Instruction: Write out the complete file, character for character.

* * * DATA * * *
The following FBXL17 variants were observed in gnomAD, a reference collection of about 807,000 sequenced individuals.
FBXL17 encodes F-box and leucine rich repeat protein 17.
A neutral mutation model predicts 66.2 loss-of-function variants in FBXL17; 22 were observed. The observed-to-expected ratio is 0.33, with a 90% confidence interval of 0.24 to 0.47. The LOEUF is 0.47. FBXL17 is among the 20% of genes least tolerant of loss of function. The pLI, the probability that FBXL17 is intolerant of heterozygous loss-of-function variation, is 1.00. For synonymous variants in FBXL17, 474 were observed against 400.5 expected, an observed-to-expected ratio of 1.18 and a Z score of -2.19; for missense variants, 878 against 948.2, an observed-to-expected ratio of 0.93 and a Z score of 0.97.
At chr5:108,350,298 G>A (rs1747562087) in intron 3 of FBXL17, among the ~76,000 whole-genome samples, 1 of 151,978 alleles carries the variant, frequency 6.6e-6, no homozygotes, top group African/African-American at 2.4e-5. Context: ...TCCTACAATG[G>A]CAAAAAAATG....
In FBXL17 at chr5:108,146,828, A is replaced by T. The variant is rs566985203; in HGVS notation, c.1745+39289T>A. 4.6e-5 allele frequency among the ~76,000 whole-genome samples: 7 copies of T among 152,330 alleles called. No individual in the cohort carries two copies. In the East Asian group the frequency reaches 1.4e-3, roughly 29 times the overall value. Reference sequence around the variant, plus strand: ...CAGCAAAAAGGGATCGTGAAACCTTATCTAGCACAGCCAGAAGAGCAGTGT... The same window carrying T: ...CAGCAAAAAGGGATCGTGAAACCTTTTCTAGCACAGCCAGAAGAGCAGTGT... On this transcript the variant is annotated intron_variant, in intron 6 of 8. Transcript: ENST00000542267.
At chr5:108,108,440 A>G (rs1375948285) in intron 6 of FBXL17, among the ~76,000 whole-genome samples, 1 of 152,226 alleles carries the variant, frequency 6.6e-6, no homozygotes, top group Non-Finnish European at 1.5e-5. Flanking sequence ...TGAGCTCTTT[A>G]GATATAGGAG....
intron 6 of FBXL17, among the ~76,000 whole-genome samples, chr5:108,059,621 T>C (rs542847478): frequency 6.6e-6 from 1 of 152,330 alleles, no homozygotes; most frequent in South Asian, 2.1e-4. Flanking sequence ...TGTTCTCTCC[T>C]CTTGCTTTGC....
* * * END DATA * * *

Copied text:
The following FBXL17 variants were observed in gnomAD, a reference collection of about 807,000 sequenced individuals.
FBXL17 encodes F-box and leucine rich repeat protein 17.
A neutral mutation model predicts 66.2 loss-of-function variants in FBXL17; 22 were observed. The observed-to-expected ratio is 0.33, with a 90% confidence interval of 0.24 to 0.47. The LOEUF is 0.47. FBXL17 is among the 20% of genes least tolerant of loss of function. The pLI, the probability that FBXL17 is intolerant of heterozygous loss-of-function variation, is 1.00. For synonymous variants in FBXL17, 474 were observed against 400.5 expected, an observed-to-expected ratio of 1.18 and a Z score of -2.19; for missense variants, 878 against 948.2, an observed-to-expected ratio of 0.93 and a Z score of 0.97.
At chr5:108,350,298 G>A (rs1747562087) in intron 3 of FBXL17, among the ~76,000 whole-genome samples, 1 of 151,978 alleles carries the variant, frequency 6.6e-6, no homozygotes, top group African/African-American at 2.4e-5. Context: ...TCCTACAATG[G>A]CAAAAAAATG....
In FBXL17 at chr5:108,146,828, A is replaced by T. The variant is rs566985203; in HGVS notation, c.1745+39289T>A. 4.6e-5 allele frequency among the ~76,000 whole-genome samples: 7 copies of T among 152,330 alleles called. No individual in the cohort carries two copies. In the East Asian group the frequency reaches 1.4e-3, roughly 29 times the overall value. Reference sequence around the variant, plus strand: ...CAGCAAAAAGGGATCGTGAAACCTTATCTAGCACAGCCAGAAGAGCAGTGT... The same window carrying T: ...CAGCAAAAAGGGATCGTGAAACCTTTTCTAGCACAGCCAGAAGAGCAGTGT... On this transcript the variant is annotated intron_variant, in intron 6 of 8. Transcript: ENST00000542267.
At chr5:108,108,440 A>G (rs1375948285) in intron 6 of FBXL17, among the ~76,000 whole-genome samples, 1 of 152,226 alleles carries the variant, frequency 6.6e-6, no homozygotes, top group Non-Finnish European at 1.5e-5. Flanking sequence ...TGAGCTCTTT[A>G]GATATAGGAG....
intron 6 of FBXL17, among the ~76,000 whole-genome samples, chr5:108,059,621 T>C (rs542847478): frequency 6.6e-6 from 1 of 152,330 alleles, no homozygotes; most frequent in South Asian, 2.1e-4. Flanking sequence ...TGTTCTCTCC[T>C]CTTGCTTTGC....